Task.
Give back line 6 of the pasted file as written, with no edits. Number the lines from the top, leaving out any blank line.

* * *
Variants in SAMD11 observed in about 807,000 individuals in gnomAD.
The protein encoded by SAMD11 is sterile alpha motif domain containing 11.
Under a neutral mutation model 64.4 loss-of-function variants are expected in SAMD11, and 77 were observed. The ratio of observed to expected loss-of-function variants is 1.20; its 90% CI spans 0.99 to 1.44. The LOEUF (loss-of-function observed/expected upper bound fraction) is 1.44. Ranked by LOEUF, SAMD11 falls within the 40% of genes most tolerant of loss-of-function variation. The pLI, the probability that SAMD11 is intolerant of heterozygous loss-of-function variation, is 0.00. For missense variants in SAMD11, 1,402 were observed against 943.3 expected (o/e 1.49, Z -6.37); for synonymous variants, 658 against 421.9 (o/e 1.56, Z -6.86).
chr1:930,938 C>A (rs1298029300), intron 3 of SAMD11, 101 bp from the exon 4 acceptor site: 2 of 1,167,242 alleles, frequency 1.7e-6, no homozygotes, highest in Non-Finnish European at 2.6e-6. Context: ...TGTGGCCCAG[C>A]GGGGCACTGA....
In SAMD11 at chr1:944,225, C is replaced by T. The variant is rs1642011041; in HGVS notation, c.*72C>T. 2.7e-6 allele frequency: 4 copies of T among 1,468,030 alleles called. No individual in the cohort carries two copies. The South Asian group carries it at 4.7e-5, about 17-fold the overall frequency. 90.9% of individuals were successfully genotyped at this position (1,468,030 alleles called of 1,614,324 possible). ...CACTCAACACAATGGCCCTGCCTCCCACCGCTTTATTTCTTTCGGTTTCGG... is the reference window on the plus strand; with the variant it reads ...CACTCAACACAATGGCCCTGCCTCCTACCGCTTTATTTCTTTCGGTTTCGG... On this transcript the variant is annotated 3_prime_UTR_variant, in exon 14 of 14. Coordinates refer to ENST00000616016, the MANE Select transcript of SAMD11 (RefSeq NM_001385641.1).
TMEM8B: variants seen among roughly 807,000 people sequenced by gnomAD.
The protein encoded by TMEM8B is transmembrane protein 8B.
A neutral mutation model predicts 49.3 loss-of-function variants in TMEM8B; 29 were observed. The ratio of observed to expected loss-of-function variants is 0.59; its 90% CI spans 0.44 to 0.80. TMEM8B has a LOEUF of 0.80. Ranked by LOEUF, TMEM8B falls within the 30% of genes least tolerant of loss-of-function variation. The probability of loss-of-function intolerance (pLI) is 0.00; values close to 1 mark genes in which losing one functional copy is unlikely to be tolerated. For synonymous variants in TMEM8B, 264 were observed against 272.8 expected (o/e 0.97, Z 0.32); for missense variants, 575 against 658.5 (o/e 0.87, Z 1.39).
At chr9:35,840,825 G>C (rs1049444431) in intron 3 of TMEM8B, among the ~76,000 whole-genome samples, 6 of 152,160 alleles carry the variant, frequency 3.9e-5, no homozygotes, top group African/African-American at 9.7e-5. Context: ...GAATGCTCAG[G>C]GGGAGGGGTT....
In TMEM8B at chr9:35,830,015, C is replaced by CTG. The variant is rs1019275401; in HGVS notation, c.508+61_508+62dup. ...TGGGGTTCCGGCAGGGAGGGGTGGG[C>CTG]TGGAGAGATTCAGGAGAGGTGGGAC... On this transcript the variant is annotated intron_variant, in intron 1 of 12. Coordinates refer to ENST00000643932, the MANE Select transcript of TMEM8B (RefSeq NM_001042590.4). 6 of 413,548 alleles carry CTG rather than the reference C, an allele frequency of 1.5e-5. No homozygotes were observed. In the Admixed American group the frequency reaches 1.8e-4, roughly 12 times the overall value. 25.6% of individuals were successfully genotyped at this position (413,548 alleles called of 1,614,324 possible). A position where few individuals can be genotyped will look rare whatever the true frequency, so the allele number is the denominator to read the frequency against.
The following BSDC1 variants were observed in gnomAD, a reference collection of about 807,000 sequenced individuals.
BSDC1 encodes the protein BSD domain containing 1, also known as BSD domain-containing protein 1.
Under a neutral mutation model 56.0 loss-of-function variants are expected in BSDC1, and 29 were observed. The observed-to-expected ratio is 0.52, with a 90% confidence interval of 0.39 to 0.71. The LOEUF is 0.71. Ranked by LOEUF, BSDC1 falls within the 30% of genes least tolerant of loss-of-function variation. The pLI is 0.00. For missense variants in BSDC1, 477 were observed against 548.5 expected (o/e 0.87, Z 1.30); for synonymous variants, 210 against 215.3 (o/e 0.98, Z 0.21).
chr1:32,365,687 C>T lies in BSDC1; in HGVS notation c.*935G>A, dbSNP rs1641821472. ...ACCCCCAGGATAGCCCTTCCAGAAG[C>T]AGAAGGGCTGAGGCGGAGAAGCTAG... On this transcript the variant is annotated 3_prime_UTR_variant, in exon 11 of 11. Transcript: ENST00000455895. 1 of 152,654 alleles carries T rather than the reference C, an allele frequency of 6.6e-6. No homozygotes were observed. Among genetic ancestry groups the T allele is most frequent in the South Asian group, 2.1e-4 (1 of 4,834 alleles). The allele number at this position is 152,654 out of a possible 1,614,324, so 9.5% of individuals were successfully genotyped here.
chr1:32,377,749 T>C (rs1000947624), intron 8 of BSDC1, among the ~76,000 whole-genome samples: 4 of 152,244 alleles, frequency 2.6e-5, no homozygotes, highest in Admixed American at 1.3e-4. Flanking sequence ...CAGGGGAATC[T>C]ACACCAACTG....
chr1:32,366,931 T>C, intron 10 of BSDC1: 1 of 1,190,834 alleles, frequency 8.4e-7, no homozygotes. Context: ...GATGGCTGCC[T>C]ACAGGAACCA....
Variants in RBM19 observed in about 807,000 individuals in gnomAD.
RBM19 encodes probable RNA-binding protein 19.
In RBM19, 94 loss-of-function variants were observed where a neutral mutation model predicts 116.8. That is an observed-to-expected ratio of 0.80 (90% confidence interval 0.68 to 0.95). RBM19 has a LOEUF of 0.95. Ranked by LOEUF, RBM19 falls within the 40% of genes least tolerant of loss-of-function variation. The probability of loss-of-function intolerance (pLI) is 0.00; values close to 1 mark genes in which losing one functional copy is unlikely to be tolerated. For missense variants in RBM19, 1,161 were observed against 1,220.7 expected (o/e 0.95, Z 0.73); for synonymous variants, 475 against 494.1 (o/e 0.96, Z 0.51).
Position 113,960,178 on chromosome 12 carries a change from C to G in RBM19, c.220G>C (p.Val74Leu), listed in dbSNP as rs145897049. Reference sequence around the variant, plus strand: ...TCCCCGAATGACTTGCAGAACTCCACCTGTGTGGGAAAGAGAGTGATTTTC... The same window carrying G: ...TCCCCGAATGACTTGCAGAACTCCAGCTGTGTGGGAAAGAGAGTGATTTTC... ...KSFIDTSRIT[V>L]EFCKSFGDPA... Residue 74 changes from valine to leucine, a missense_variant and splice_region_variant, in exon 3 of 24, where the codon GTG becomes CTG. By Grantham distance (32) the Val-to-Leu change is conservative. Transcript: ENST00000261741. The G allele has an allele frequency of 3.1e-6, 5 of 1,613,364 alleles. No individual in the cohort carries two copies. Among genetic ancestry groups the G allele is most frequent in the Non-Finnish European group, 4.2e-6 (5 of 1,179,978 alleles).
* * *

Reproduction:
TMEM8B: variants seen among roughly 807,000 people sequenced by gnomAD.